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Bitcoin’s value function

In this guide, we cover how and why Bitcoin has value and where it derives its value from

Value is an abstract concept. The way Bitcoin has value is linked to the way it operates and to the fact it has a known limited supply.

Without security, Bitcoin wouldn’t be valuable. Without decentralisation, Bitcoin wouldn’t be valuable. Without censorship resistance, Bitcoin wouldn’t be valuable. Without an upper bound, Bitcoin wouldn’t be valuable.

My point is simple: Bitcoin’s value derives from all its properties, not from a single one.

What is intrinsic value?

Former trader and risk analyst and now essayist and scholar Nassim Taleb said:

“The minority rule will show us how all it takes is a small number of intolerant virtuous people with skin in the game, in the form of courage, for society to function properly.”

The way our fiduciary society works is by assigning value by the rule of man. The US dollar has value in the US because it’s illegal to transact in other currencies. The odds you can use USD at a local store in the UK are quite small, the same way you couldn’t use GBP in American stores located in the US.

Legal tendership is what gives our current fiat currency its value. Unlike gold, which has intrinsic value due to its limited supply, paper money exists because governments say so.

For intrinsic value to exist, there must be:

  1. A constant – or fixed but known – supply.
  2. Acceptance by governments and citizens.


If an asset has those two properties, it could potentially hold value – much like art or gold. Value can change given the supply and demand. Therefore, we could argue that anything can potentially have value, and we cannot say an asset won’t have value if it respects the two above properties.

Bitcoin’s value is a function of its properties

In addition, for an asset to be valuable, it must also be secure and durable. Bitcoin is both.

It is also censorship resistant, permissionless, and decentralised. Because no one owns the network, no one can stop it.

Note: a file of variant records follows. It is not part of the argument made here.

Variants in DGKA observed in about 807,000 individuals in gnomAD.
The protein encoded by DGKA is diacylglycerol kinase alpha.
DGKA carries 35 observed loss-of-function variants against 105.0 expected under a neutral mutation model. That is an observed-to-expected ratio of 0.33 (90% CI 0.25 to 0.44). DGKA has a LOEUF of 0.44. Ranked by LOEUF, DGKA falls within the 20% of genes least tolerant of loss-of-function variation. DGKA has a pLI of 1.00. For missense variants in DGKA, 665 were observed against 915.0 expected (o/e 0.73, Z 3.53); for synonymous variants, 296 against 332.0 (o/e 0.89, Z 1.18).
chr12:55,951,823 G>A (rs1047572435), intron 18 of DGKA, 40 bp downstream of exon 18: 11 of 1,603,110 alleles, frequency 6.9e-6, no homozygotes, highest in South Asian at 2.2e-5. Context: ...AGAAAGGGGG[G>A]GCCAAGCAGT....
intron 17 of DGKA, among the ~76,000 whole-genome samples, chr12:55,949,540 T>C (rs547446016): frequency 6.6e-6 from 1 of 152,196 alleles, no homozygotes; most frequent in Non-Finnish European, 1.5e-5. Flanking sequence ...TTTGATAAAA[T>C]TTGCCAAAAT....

To fully understand Bitcoin’s value, one needs to accept the following logic: as long as Bitcoin remains…

  1. Decentralised, it will remain censorship resistant.
  2. Censorship resistant, it will remain secure.
  3. Secure, it will remain immutable.
  4. Immutable, it will remain decentralised.


Repeat until exhaustion.

Bitcoin’s attractiveness is derived from its properties, which in turn give Bitcoin value. Its value will of course be subject to the laws of supply and demand, and it’s also susceptible to price manipulation by large holders as well as waves of speculative adoption.

Nonetheless, as long as Bitcoin maintains those properties, it will always have value. The price of said value may go up or down depending on loads of factors that cannot be accounted for (like Mt Gox going under or the supply suddenly increasing).

The more people that join the Bitcoin network, the higher price can go and the more decentralised BTC becomes.

Much like the fact that the only being capable of reproducing a human footprint is a human, the only currency capable of reproducing Bitcoin’s value is Bitcoin.

This is the last piece of the Bitcoin value puzzle: that it derives from the fact Bitcoin’s network cannot ever be copied.

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